By Nick Carey
DETROIT (Reuters) – Industrial conglomerate Honeywell International Inc and U.S. truck fleet services company Omnitracs said on Tuesday they are rolling out software for large less-than-truckload (LTL) firms to comply with a looming federal regulation for drivers to log hours electronically and manage trucker workflow.
The new system, available on a handheld Honeywell device around the size of a smartphone that uses Android-based software, is being deployed by the Holland and Reddaway units of YRC Worldwide Inc, the second-largest U.S. LTL firm.
It is also aimed at other large operators, Taylor Smith, president of Honeywell’s Workflow Solutions business, said.
LTL firms consolidate smaller loads into a single truck, requiring more complexity than regular long-haul “truckload” services.
The software product comes ahead of a December mandate that trucking firms switch to electronic logs from paper logs to meet federal hours of service rules.
The mandate is widely seen as the biggest change to hit the trucking sector since deregulation in 1980. Industry experts believe many “mom-and-pop” trucking outfits are reliant on paper logs to fudge the books, inflating driver productivity in a low-margin industry.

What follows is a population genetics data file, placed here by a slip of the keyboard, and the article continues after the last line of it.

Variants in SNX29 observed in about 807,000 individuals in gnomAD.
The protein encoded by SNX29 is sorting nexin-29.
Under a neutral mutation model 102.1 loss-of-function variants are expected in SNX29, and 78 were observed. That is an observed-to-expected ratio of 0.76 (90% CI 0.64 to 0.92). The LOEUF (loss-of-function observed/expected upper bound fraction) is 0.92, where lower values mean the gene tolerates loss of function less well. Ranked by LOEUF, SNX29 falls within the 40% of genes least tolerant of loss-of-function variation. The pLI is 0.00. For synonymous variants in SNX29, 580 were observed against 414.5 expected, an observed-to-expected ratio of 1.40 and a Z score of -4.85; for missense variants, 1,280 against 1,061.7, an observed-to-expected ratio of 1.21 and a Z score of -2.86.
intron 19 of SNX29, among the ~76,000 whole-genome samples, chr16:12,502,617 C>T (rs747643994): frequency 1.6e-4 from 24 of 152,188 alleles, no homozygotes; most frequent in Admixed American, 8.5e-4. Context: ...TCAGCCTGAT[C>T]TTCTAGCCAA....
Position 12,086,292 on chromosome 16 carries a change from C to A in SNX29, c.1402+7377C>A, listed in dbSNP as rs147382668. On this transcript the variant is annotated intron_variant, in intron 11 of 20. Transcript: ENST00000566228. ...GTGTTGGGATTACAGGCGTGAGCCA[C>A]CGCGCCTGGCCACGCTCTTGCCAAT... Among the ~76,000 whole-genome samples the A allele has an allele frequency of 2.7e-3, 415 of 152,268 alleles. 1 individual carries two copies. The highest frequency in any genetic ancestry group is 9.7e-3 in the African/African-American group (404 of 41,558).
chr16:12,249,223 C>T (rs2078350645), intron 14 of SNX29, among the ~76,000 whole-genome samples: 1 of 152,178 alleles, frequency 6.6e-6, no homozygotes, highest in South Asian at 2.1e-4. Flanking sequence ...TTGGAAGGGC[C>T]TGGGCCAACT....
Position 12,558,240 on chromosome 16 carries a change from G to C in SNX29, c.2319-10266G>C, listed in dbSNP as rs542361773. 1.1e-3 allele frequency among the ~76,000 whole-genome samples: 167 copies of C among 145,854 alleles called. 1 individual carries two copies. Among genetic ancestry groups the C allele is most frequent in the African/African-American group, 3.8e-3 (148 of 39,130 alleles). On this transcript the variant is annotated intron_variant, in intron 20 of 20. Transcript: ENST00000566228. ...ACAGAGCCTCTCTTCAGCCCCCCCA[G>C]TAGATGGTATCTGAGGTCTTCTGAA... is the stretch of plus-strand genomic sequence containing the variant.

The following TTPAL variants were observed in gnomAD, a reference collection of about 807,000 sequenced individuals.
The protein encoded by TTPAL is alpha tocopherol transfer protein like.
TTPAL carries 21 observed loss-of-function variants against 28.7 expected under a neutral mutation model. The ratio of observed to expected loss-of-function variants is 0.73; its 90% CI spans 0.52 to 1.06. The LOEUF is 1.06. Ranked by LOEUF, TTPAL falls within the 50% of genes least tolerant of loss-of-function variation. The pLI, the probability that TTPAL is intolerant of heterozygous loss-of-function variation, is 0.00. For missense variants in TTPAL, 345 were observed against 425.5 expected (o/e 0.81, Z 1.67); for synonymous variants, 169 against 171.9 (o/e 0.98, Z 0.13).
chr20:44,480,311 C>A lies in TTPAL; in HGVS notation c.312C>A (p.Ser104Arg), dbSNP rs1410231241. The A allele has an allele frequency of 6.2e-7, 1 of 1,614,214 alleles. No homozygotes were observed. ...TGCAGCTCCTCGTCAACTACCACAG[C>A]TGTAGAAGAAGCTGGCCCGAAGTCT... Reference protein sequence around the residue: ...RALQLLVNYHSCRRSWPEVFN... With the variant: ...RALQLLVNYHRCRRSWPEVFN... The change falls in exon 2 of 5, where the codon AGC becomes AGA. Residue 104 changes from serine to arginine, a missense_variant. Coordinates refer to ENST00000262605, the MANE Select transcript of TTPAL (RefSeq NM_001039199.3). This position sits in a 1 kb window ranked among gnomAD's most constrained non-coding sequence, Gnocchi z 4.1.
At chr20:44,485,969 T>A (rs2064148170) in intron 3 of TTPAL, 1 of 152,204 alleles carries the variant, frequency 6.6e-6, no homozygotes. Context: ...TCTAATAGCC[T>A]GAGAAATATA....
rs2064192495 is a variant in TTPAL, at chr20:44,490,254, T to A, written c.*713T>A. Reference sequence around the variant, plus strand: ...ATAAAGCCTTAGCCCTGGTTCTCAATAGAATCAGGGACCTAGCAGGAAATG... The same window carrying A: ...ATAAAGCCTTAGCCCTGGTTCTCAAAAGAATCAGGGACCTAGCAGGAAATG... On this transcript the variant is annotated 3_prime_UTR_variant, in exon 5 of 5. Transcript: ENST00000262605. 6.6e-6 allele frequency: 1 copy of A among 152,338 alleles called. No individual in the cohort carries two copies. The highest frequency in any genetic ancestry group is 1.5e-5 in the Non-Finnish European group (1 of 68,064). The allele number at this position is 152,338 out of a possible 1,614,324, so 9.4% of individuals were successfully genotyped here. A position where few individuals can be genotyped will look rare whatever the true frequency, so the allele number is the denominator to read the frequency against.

Because of its complexity, the Honeywell-Omnitracs software is designed for larger firms that generally already have electronic logging systems in place. But Honeywell’s Smith said many of those larger firms are legacy platforms developed in-house that need to be upgraded.
The new system combines Omnitracs telematics data that automatically logs hours with Honeywell’s pickup and delivery software on a single device instead of multiple applications.
“The older legacy platforms really tethered drivers to their trucks so they and their company could miss out on money,” Smith said. “Now they can accept loads away from their truck, which frees up drivers to be a lot more responsive.”
Earlier this month, Dallas-based Omnitracs announced it was rolling out a tablet-software package with Samsung Electronics Co Ltd to help smaller truck carriers comply with the electronic log mandate.
In February, Omnitracs teamed up with startup Peloton to bring to market technology that allows large trucks to save fuel by coordinating speed and braking so that the vehicles can drive closely together on the highway.
Omnitracs chief sales officer David Vice said the company is talking to Honeywell and other firms about further possible collaboration based on a strategy of “one plus one equals three.”
(Reporting by Nick Carey; Editing by Leslie Adler)